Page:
In many ways, Glen Iris is the westside alternative to Crestwood. It doesn’t have a huge business or nightlife draw; instead, it’s a mostly residential area of affordable housing with an easy inter-Birmingham commute. Where it differs, though, is in the uniquely contrasting character of the neighborhood, combining a history of fine old homes and immigrant enclaves to create a special neighborhood mix.
By the turn of the last century, Birmingham’s booming city center prompted its elite families to move out of downtown, first to areas like Highland Avenue and later to Glen Iris Park, according to the park’s 1983 application to the National Register of Historic Places.
Of the park, the historic registry application says: “It was the first professionally landscaped residential area in the city and utilized impressive landscape design; it was the first planned residential community whose residents adhered to strict, self-imposed rules and covenants; its architecture is varied and indicative of early twentieth century tastes; and it offers important insight into the city’s social and commercial development.”
A 1971 Birmingham News feature credited Robert Jemison Jr.’s Glen Iris Park with re-thinking patterns of residential development, beginning future trends toward residential housing along Birmingham’s Red Mountain slope, as well as the private residential communities with recreational amenities popular by the latter half of twentieth century.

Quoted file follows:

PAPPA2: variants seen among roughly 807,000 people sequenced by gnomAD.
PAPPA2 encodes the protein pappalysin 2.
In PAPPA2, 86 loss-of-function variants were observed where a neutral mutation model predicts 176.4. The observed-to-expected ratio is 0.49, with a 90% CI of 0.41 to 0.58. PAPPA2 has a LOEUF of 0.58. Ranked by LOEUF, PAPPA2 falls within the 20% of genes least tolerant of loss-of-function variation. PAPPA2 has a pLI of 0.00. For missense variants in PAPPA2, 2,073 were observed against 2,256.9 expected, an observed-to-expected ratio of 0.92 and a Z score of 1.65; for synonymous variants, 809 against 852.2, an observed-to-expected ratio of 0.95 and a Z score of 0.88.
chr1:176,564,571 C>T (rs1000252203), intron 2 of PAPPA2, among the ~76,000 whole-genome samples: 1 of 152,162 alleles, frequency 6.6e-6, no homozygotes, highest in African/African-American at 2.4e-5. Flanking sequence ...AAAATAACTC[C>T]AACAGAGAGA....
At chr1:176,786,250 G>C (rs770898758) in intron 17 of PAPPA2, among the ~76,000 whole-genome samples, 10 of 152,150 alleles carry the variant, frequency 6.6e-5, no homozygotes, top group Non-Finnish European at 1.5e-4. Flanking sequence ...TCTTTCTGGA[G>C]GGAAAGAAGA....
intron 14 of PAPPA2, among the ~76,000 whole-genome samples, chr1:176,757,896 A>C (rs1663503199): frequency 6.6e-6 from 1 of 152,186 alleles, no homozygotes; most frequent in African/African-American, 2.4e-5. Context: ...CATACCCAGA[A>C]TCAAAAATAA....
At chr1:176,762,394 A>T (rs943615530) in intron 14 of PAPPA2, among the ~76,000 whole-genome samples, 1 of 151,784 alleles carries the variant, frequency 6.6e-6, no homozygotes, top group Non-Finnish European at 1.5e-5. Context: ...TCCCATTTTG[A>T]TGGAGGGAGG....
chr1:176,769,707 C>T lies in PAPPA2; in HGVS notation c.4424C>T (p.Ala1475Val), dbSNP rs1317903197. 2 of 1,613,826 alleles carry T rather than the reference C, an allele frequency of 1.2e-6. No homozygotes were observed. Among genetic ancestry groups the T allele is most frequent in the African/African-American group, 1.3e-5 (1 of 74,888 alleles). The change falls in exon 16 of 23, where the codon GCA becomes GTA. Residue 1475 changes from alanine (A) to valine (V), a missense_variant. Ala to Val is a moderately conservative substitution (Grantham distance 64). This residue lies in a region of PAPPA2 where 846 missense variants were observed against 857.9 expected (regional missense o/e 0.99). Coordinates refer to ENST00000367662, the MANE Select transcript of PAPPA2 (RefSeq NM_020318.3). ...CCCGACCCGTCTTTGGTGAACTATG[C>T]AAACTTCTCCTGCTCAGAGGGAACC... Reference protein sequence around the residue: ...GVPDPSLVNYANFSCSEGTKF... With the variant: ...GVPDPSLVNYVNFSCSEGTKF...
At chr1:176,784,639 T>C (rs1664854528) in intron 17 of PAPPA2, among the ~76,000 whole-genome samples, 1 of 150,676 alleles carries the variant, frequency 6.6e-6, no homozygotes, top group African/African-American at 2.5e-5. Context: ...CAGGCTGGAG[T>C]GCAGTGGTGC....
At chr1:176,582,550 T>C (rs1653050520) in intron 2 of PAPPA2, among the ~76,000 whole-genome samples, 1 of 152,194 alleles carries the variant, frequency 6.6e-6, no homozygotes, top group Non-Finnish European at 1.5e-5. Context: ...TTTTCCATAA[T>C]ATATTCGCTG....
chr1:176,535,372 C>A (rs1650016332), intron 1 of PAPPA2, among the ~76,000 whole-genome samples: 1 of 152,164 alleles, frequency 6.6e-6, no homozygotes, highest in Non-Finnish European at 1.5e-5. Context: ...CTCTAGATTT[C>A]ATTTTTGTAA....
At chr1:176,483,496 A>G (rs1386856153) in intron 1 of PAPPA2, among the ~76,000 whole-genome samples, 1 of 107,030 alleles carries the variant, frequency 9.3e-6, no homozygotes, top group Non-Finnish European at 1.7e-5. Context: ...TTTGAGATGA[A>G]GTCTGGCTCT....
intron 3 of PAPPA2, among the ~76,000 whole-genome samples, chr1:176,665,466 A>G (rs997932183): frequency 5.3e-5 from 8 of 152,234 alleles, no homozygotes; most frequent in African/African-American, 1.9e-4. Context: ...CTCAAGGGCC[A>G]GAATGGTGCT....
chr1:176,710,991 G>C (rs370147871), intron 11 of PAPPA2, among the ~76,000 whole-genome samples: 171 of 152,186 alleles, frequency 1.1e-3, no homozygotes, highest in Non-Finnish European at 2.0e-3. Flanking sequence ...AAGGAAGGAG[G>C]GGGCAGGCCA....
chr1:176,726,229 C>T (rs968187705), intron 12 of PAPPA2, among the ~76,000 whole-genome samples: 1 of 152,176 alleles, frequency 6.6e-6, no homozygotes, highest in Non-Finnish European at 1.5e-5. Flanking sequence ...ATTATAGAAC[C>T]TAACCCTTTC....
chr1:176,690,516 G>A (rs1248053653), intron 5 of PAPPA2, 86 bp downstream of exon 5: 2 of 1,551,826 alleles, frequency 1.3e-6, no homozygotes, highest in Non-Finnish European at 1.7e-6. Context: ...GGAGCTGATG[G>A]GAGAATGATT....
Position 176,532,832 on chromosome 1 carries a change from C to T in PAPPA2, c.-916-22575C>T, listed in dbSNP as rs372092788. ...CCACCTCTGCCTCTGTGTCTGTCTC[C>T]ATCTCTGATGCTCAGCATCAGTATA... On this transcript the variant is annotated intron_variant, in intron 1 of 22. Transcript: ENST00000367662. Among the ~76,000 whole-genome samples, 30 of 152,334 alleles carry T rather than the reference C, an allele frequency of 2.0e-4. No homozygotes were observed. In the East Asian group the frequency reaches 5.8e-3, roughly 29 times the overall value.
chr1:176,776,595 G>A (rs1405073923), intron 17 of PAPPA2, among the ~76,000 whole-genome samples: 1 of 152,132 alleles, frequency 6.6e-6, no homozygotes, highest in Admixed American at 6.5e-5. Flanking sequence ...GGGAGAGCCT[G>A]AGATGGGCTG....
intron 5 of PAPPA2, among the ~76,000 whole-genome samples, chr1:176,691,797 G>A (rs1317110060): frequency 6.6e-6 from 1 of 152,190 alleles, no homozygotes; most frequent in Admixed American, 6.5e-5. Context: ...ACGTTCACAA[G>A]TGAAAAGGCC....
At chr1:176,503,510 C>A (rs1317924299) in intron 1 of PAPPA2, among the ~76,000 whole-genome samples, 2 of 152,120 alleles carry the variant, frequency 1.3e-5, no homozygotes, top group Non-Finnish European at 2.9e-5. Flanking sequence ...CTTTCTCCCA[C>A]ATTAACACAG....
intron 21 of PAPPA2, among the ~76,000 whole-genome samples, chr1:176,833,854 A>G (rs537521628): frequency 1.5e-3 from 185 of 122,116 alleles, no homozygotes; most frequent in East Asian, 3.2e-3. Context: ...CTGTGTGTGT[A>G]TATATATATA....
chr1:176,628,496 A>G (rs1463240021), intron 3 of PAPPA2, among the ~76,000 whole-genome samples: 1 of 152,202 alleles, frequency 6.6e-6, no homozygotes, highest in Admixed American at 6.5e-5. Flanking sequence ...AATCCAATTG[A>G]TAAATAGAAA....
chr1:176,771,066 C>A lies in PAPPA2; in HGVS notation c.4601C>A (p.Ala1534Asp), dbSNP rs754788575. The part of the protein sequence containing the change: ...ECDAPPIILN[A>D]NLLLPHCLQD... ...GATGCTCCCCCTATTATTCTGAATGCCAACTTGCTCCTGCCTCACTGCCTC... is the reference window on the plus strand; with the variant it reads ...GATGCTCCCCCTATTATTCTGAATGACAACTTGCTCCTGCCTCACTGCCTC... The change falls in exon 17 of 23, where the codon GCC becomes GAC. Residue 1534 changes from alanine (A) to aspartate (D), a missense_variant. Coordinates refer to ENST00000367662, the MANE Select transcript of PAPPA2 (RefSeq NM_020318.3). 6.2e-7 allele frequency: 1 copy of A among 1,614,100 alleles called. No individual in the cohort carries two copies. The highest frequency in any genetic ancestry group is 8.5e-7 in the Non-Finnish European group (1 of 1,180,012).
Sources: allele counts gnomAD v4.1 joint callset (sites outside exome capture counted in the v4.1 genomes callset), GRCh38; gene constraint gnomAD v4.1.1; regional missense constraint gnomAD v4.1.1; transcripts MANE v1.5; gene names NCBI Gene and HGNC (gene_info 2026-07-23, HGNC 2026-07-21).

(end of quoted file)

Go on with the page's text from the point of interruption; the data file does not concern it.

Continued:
But the genteel planned community at Glen Iris Park is only part of the neighborhood story. As late as 1971, a Birmingham Post-Herald feature described parts of Glen Iris as “the Lebanese community of about 100 families on Southside near the Green Springs-hwy.” Those families “came to Birmingham in the 1890s as peddler and jewelry dealers,” Southside resident Zakie Salem told the Post-Herald. Their offspring moved on to more prominent professions, she said, but the Lebanese community retained strong ties.
Part and parcel of that community are the Middle Eastern churches that remain in the neighborhood. St. Elias Maronite Church has been open since 1910 and worshipping at its present Glen Iris location since Christmas Day in 1950, according to the church’s online history. Both St. Elias and nearby St. George Melkite Catholic Church hold annual festivals highlighting the food and culture and their worshipping communities.
Since the 1970s, Glen Iris development has been driven largely by its proximity to UAB, with plans for a large apartment complex in Glen Iris Park reported by both the 1971 News and Post-Herald pieces. The Post-Herald piece described a shrinking Lebanese community and increasing neglect among the homes of Glen Iris Park. Park residents like Mrs. John Akin felt that the changing times meant single-family homes would no longer be a way of life within city limits. “The trend today is to move to the suburbs or live in apartments,” she told the Post-Herald.
But Abdulla Sawaya, who owned a Lebanese deli in Glen Iris at the time, told the Post-Herald he thought UAB expansion could help reinvigorate the neighborhood, and that certainly seems to be the pattern today. Folks who want the charm of a quiet residential area with a minutes-long commute to UAB have bought many of the area’s charming bungalows, and preservation-minded owners have given new life to homes in Glen Iris Park.